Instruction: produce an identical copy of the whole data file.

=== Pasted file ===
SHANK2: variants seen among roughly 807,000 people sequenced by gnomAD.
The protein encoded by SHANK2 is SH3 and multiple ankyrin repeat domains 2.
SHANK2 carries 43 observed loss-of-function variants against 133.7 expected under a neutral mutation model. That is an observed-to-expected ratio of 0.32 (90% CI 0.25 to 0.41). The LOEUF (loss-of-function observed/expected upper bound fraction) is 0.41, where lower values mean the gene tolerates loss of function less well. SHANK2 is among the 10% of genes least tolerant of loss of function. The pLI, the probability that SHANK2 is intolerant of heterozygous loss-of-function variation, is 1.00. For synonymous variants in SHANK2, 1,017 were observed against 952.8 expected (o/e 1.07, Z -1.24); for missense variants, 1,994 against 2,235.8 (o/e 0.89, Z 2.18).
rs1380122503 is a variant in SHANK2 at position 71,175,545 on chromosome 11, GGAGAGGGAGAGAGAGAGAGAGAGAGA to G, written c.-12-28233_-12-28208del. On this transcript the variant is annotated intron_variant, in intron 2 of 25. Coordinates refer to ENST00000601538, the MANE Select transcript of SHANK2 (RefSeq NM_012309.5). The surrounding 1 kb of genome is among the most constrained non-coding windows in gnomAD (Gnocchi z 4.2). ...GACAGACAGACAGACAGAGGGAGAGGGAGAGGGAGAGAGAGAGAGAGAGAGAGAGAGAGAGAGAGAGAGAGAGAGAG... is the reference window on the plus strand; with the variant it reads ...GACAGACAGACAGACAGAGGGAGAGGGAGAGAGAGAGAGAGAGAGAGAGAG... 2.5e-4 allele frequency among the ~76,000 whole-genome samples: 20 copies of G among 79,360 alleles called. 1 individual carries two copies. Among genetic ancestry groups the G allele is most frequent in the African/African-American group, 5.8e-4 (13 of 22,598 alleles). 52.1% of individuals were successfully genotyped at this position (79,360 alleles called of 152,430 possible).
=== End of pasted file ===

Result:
SHANK2: variants seen among roughly 807,000 people sequenced by gnomAD.
The protein encoded by SHANK2 is SH3 and multiple ankyrin repeat domains 2.
SHANK2 carries 43 observed loss-of-function variants against 133.7 expected under a neutral mutation model. That is an observed-to-expected ratio of 0.32 (90% CI 0.25 to 0.41). The LOEUF (loss-of-function observed/expected upper bound fraction) is 0.41, where lower values mean the gene tolerates loss of function less well. SHANK2 is among the 10% of genes least tolerant of loss of function. The pLI, the probability that SHANK2 is intolerant of heterozygous loss-of-function variation, is 1.00. For synonymous variants in SHANK2, 1,017 were observed against 952.8 expected (o/e 1.07, Z -1.24); for missense variants, 1,994 against 2,235.8 (o/e 0.89, Z 2.18).
rs1380122503 is a variant in SHANK2 at position 71,175,545 on chromosome 11, GGAGAGGGAGAGAGAGAGAGAGAGAGA to G, written c.-12-28233_-12-28208del. On this transcript the variant is annotated intron_variant, in intron 2 of 25. Coordinates refer to ENST00000601538, the MANE Select transcript of SHANK2 (RefSeq NM_012309.5). The surrounding 1 kb of genome is among the most constrained non-coding windows in gnomAD (Gnocchi z 4.2). ...GACAGACAGACAGACAGAGGGAGAGGGAGAGGGAGAGAGAGAGAGAGAGAGAGAGAGAGAGAGAGAGAGAGAGAGAG... is the reference window on the plus strand; with the variant it reads ...GACAGACAGACAGACAGAGGGAGAGGGAGAGAGAGAGAGAGAGAGAGAGAG... 2.5e-4 allele frequency among the ~76,000 whole-genome samples: 20 copies of G among 79,360 alleles called. 1 individual carries two copies. Among genetic ancestry groups the G allele is most frequent in the African/African-American group, 5.8e-4 (13 of 22,598 alleles). 52.1% of individuals were successfully genotyped at this position (79,360 alleles called of 152,430 possible).